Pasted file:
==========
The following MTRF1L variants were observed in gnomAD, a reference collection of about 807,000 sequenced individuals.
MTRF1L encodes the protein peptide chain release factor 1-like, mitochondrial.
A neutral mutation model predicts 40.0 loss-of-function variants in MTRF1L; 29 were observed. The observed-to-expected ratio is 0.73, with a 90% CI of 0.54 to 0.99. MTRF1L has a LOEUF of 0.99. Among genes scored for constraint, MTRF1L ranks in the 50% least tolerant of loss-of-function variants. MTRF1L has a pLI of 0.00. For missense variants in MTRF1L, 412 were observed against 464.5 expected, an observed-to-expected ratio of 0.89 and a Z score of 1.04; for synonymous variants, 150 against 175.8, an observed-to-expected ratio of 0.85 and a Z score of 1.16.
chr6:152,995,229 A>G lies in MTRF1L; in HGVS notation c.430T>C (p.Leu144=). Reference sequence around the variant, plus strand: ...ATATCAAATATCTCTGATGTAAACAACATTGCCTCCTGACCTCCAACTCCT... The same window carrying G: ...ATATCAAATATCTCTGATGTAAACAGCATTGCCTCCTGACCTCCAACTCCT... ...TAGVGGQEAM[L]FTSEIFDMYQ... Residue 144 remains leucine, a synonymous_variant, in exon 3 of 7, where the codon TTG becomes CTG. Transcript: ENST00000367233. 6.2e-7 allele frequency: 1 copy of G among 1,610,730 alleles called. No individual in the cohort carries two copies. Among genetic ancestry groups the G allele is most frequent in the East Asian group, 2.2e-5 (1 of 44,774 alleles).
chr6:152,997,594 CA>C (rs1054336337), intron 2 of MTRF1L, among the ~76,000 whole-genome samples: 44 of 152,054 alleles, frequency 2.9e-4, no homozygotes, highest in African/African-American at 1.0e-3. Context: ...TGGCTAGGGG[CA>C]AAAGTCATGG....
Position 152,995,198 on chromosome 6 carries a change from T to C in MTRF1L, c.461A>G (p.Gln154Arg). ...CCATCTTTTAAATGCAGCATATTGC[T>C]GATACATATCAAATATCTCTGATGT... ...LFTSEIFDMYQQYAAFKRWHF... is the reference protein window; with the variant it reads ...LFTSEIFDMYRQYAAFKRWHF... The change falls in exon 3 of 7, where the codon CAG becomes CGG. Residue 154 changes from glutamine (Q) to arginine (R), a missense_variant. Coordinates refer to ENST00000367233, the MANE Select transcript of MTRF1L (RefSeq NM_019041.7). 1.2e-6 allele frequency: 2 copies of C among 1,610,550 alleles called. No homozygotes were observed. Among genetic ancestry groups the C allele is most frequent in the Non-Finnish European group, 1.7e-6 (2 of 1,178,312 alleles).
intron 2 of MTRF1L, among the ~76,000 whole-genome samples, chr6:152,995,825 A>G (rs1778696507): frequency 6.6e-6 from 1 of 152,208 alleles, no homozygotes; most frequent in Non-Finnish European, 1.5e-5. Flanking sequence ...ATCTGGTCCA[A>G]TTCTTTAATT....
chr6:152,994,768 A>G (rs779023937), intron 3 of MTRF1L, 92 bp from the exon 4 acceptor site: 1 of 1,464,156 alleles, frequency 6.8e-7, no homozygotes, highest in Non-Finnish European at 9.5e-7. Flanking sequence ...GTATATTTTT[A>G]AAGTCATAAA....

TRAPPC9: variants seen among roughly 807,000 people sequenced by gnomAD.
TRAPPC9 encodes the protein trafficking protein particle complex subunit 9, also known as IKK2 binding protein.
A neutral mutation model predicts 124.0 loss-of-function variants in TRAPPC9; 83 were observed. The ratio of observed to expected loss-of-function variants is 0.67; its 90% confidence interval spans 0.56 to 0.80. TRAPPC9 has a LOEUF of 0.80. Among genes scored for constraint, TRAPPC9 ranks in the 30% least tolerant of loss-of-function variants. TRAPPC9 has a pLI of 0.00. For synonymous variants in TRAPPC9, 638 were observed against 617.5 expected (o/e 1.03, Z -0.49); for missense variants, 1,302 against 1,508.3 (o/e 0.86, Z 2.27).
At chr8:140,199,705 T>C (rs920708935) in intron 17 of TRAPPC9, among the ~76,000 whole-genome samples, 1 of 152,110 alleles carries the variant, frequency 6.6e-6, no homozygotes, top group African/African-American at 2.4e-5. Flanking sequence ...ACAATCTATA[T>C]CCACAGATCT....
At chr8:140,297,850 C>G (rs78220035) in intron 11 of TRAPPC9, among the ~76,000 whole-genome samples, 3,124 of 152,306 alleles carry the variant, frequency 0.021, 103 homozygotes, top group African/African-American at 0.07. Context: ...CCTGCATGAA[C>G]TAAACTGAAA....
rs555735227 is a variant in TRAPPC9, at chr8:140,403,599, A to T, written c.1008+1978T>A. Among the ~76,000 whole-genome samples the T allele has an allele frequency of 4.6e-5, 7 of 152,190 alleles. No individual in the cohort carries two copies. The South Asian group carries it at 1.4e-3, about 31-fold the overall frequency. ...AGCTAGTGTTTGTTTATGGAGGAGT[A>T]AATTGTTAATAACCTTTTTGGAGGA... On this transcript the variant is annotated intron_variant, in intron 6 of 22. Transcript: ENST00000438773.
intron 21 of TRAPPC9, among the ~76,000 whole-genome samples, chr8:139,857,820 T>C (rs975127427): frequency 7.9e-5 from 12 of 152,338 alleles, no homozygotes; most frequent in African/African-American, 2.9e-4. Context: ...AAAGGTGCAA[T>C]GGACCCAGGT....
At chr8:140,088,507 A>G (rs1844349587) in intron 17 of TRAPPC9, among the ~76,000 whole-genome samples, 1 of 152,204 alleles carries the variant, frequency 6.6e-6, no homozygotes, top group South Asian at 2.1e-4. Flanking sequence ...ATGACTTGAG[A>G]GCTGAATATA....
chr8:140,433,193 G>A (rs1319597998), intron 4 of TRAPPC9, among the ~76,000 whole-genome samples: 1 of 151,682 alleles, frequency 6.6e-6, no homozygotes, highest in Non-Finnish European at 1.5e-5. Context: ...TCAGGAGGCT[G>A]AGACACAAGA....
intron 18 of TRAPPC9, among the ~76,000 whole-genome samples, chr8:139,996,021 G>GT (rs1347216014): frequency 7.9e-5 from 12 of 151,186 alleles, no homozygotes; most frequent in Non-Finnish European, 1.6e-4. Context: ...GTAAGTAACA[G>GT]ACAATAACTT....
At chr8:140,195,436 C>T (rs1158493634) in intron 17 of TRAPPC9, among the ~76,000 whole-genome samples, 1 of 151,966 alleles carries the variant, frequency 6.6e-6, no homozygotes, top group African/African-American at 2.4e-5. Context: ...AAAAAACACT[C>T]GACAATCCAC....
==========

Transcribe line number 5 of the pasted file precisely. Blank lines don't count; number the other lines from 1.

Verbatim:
chr6:152,997,594 CA>C (rs1054336337), intron 2 of MTRF1L, among the ~76,000 whole-genome samples: 44 of 152,054 alleles, frequency 2.9e-4, no homozygotes, highest in African/African-American at 1.0e-3. Context: ...TGGCTAGGGG[CA>C]AAAGTCATGG....